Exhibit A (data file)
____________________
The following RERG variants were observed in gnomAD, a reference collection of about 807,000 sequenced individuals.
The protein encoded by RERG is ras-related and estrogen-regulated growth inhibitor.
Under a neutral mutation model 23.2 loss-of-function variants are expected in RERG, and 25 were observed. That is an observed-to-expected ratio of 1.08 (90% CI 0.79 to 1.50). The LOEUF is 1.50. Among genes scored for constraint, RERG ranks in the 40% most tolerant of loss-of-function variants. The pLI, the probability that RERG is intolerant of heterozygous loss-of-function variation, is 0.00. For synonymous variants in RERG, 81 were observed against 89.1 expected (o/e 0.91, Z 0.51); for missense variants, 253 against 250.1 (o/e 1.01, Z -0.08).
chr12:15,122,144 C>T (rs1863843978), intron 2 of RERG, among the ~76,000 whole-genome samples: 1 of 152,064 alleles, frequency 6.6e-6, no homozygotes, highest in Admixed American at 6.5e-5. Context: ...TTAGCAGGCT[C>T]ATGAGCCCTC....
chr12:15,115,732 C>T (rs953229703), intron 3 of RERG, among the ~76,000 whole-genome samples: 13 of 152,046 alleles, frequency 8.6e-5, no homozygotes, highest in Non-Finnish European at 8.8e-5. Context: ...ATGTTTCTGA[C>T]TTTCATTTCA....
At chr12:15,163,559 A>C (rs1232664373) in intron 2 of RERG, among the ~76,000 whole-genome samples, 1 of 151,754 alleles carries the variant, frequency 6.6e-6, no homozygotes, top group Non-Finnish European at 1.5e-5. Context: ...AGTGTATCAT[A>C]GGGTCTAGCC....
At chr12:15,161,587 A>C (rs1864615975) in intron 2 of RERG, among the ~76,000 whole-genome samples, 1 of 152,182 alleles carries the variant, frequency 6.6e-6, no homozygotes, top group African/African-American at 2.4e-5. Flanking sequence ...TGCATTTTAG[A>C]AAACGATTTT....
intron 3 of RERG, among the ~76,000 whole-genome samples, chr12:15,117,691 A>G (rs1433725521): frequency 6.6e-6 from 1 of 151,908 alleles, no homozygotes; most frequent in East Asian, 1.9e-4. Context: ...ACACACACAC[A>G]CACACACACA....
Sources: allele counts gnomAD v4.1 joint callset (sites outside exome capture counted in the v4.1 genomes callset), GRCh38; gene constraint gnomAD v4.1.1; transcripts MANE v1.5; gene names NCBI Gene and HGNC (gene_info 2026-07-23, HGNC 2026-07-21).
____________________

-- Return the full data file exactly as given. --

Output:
The following RERG variants were observed in gnomAD, a reference collection of about 807,000 sequenced individuals.
The protein encoded by RERG is ras-related and estrogen-regulated growth inhibitor.
Under a neutral mutation model 23.2 loss-of-function variants are expected in RERG, and 25 were observed. That is an observed-to-expected ratio of 1.08 (90% CI 0.79 to 1.50). The LOEUF is 1.50. Among genes scored for constraint, RERG ranks in the 40% most tolerant of loss-of-function variants. The pLI, the probability that RERG is intolerant of heterozygous loss-of-function variation, is 0.00. For synonymous variants in RERG, 81 were observed against 89.1 expected (o/e 0.91, Z 0.51); for missense variants, 253 against 250.1 (o/e 1.01, Z -0.08).
chr12:15,122,144 C>T (rs1863843978), intron 2 of RERG, among the ~76,000 whole-genome samples: 1 of 152,064 alleles, frequency 6.6e-6, no homozygotes, highest in Admixed American at 6.5e-5. Context: ...TTAGCAGGCT[C>T]ATGAGCCCTC....
chr12:15,115,732 C>T (rs953229703), intron 3 of RERG, among the ~76,000 whole-genome samples: 13 of 152,046 alleles, frequency 8.6e-5, no homozygotes, highest in Non-Finnish European at 8.8e-5. Context: ...ATGTTTCTGA[C>T]TTTCATTTCA....
At chr12:15,163,559 A>C (rs1232664373) in intron 2 of RERG, among the ~76,000 whole-genome samples, 1 of 151,754 alleles carries the variant, frequency 6.6e-6, no homozygotes, top group Non-Finnish European at 1.5e-5. Context: ...AGTGTATCAT[A>C]GGGTCTAGCC....
At chr12:15,161,587 A>C (rs1864615975) in intron 2 of RERG, among the ~76,000 whole-genome samples, 1 of 152,182 alleles carries the variant, frequency 6.6e-6, no homozygotes, top group African/African-American at 2.4e-5. Flanking sequence ...TGCATTTTAG[A>C]AAACGATTTT....
intron 3 of RERG, among the ~76,000 whole-genome samples, chr12:15,117,691 A>G (rs1433725521): frequency 6.6e-6 from 1 of 151,908 alleles, no homozygotes; most frequent in East Asian, 1.9e-4. Context: ...ACACACACAC[A>G]CACACACACA....
Sources: allele counts gnomAD v4.1 joint callset (sites outside exome capture counted in the v4.1 genomes callset), GRCh38; gene constraint gnomAD v4.1.1; transcripts MANE v1.5; gene names NCBI Gene and HGNC (gene_info 2026-07-23, HGNC 2026-07-21).